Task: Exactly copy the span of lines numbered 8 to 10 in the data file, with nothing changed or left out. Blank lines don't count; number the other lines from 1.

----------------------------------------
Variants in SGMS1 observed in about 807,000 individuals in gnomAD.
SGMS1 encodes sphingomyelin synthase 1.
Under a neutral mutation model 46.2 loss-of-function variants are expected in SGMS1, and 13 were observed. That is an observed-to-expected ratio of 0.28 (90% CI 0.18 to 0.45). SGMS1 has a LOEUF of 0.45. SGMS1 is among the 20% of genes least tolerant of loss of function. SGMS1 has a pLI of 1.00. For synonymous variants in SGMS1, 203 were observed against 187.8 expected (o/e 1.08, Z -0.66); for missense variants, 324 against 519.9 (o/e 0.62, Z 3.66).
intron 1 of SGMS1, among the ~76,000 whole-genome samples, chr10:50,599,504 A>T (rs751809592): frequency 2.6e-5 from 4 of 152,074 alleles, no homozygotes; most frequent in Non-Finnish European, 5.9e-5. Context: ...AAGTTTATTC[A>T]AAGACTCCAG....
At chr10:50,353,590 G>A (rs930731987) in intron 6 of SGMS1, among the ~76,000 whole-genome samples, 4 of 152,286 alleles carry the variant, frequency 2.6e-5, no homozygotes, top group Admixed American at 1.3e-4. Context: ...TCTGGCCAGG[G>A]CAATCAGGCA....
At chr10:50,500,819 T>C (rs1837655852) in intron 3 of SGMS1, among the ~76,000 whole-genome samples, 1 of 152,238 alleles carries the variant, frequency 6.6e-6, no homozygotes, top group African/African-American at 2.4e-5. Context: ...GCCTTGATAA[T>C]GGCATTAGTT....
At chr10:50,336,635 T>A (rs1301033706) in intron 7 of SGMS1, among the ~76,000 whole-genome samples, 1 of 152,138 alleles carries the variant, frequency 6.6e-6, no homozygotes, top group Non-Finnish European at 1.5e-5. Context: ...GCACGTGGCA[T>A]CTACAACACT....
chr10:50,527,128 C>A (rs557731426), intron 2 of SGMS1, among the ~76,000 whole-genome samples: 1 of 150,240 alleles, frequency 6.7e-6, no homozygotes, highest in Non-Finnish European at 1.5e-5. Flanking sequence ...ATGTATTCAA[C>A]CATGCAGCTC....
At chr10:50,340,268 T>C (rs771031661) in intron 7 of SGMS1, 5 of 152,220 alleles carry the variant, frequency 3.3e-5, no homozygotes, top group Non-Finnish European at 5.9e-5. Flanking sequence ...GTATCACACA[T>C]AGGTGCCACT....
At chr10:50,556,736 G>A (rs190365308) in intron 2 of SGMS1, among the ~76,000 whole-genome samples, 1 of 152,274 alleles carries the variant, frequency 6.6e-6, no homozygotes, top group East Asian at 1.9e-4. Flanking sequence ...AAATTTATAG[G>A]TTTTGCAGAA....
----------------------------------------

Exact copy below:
chr10:50,527,128 C>A (rs557731426), intron 2 of SGMS1, among the ~76,000 whole-genome samples: 1 of 150,240 alleles, frequency 6.7e-6, no homozygotes, highest in Non-Finnish European at 1.5e-5. Flanking sequence ...ATGTATTCAA[C>A]CATGCAGCTC....
At chr10:50,340,268 T>C (rs771031661) in intron 7 of SGMS1, 5 of 152,220 alleles carry the variant, frequency 3.3e-5, no homozygotes, top group Non-Finnish European at 5.9e-5. Flanking sequence ...GTATCACACA[T>C]AGGTGCCACT....
At chr10:50,556,736 G>A (rs190365308) in intron 2 of SGMS1, among the ~76,000 whole-genome samples, 1 of 152,274 alleles carries the variant, frequency 6.6e-6, no homozygotes, top group East Asian at 1.9e-4. Flanking sequence ...AAATTTATAG[G>A]TTTTGCAGAA....